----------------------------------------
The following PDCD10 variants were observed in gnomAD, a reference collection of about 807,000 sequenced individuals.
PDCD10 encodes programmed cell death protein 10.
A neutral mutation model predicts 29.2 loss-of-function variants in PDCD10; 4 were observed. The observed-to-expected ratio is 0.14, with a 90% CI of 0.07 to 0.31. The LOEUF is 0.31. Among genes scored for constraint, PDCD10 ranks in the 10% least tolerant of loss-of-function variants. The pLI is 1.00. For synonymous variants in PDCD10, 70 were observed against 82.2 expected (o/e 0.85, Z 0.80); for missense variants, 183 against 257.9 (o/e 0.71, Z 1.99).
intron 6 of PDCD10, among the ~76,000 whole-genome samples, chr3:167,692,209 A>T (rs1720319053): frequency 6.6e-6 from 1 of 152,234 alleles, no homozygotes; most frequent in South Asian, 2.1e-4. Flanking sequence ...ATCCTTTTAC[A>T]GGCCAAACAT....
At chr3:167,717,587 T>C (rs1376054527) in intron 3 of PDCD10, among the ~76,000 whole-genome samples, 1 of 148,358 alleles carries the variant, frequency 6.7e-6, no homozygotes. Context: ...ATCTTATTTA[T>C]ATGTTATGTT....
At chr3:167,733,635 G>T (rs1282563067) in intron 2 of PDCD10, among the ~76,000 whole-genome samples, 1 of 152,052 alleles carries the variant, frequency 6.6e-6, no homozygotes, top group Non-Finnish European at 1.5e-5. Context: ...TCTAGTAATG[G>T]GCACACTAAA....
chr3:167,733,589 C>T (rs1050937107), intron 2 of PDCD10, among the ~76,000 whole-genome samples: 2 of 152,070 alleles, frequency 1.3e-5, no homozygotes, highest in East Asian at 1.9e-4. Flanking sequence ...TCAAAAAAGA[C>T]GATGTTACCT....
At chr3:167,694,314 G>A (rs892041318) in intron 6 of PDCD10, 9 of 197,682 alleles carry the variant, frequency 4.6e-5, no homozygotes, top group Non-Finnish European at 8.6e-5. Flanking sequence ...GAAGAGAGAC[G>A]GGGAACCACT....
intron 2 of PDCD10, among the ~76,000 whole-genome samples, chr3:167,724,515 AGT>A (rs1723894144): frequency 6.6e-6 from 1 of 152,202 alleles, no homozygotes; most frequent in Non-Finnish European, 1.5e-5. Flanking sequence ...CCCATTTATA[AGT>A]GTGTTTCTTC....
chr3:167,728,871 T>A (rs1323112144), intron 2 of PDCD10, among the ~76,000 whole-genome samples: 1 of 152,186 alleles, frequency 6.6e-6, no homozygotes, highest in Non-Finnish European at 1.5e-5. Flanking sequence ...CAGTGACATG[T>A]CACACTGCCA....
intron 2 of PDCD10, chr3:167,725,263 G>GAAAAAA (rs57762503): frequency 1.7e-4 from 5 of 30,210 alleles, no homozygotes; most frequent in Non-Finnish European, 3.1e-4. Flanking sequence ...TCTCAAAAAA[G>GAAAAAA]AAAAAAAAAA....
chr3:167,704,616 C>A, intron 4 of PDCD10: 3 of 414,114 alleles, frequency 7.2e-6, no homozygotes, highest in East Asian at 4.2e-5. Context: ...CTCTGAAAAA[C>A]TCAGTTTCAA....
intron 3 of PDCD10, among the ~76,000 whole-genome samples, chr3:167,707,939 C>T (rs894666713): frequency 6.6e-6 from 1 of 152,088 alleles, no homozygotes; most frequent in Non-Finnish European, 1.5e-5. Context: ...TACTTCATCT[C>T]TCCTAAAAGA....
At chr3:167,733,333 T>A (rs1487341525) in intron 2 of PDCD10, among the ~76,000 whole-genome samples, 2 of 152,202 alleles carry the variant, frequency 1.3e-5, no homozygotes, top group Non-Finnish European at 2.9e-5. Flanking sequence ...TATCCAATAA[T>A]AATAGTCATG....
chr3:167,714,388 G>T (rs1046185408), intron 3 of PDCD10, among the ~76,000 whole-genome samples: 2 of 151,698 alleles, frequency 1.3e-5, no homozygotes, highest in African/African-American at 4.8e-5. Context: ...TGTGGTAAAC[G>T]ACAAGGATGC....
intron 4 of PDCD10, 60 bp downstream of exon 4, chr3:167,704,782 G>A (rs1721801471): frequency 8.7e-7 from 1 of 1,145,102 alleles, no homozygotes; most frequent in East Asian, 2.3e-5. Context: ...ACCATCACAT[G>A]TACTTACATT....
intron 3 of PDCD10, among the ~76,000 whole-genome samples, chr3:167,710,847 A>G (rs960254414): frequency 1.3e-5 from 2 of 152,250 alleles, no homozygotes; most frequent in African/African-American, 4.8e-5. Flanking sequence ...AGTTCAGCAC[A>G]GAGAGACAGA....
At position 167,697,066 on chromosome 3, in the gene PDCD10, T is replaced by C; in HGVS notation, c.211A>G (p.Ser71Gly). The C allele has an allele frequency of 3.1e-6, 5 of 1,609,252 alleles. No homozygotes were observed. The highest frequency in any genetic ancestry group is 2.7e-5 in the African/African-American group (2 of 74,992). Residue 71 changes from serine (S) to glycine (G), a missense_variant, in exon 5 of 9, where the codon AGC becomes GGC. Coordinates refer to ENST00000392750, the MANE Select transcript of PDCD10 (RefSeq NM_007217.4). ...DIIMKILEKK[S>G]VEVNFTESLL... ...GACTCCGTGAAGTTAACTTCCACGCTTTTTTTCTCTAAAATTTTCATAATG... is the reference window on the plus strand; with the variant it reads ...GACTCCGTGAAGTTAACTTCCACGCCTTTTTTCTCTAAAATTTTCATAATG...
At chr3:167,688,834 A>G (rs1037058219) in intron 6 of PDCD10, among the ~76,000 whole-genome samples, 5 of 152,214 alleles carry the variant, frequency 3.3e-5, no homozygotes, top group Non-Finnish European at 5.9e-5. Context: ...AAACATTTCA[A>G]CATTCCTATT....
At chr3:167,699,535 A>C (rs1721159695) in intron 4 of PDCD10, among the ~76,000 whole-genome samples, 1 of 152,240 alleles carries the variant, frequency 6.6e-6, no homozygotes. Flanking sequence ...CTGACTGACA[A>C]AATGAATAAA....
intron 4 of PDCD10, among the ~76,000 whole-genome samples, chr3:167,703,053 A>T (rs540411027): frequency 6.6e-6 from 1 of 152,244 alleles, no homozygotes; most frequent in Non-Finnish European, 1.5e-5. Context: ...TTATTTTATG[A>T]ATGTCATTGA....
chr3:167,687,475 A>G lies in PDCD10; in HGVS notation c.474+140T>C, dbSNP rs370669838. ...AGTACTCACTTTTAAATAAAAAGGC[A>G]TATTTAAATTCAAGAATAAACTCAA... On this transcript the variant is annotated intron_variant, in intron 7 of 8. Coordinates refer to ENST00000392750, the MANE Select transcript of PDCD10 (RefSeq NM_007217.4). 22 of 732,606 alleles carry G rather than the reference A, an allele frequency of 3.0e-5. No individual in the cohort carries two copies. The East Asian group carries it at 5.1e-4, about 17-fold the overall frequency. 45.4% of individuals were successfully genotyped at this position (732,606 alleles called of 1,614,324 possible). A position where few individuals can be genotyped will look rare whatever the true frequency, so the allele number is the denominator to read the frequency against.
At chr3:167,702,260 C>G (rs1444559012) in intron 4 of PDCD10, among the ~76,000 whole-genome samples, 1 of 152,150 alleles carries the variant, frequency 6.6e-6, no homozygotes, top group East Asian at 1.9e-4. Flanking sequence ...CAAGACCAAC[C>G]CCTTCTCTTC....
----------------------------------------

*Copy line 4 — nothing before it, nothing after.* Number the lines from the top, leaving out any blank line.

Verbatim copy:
intron 6 of PDCD10, among the ~76,000 whole-genome samples, chr3:167,692,209 A>T (rs1720319053): frequency 6.6e-6 from 1 of 152,234 alleles, no homozygotes; most frequent in South Asian, 2.1e-4. Flanking sequence ...ATCCTTTTAC[A>T]GGCCAAACAT....